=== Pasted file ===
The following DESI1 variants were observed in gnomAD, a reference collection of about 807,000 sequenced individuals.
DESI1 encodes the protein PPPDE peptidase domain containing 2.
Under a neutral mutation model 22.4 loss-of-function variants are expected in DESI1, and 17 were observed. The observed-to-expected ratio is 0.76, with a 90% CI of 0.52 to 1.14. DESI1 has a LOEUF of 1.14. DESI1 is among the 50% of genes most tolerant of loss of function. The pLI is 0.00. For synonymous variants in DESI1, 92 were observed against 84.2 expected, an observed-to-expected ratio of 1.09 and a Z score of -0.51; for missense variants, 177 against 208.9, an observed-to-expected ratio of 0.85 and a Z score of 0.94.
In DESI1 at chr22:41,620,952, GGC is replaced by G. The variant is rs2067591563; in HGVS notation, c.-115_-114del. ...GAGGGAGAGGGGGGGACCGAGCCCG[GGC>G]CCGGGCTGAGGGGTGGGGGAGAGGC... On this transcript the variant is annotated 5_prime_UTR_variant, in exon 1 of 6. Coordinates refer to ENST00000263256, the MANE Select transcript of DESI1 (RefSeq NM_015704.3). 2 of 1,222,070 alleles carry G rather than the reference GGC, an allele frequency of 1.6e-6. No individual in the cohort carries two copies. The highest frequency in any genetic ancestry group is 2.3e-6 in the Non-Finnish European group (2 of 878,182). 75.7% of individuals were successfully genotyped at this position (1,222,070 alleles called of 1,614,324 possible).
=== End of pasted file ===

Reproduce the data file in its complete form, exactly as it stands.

The following DESI1 variants were observed in gnomAD, a reference collection of about 807,000 sequenced individuals.
DESI1 encodes the protein PPPDE peptidase domain containing 2.
Under a neutral mutation model 22.4 loss-of-function variants are expected in DESI1, and 17 were observed. The observed-to-expected ratio is 0.76, with a 90% CI of 0.52 to 1.14. DESI1 has a LOEUF of 1.14. DESI1 is among the 50% of genes most tolerant of loss of function. The pLI is 0.00. For synonymous variants in DESI1, 92 were observed against 84.2 expected, an observed-to-expected ratio of 1.09 and a Z score of -0.51; for missense variants, 177 against 208.9, an observed-to-expected ratio of 0.85 and a Z score of 0.94.
In DESI1 at chr22:41,620,952, GGC is replaced by G. The variant is rs2067591563; in HGVS notation, c.-115_-114del. ...GAGGGAGAGGGGGGGACCGAGCCCG[GGC>G]CCGGGCTGAGGGGTGGGGGAGAGGC... On this transcript the variant is annotated 5_prime_UTR_variant, in exon 1 of 6. Coordinates refer to ENST00000263256, the MANE Select transcript of DESI1 (RefSeq NM_015704.3). 2 of 1,222,070 alleles carry G rather than the reference GGC, an allele frequency of 1.6e-6. No individual in the cohort carries two copies. The highest frequency in any genetic ancestry group is 2.3e-6 in the Non-Finnish European group (2 of 878,182). 75.7% of individuals were successfully genotyped at this position (1,222,070 alleles called of 1,614,324 possible).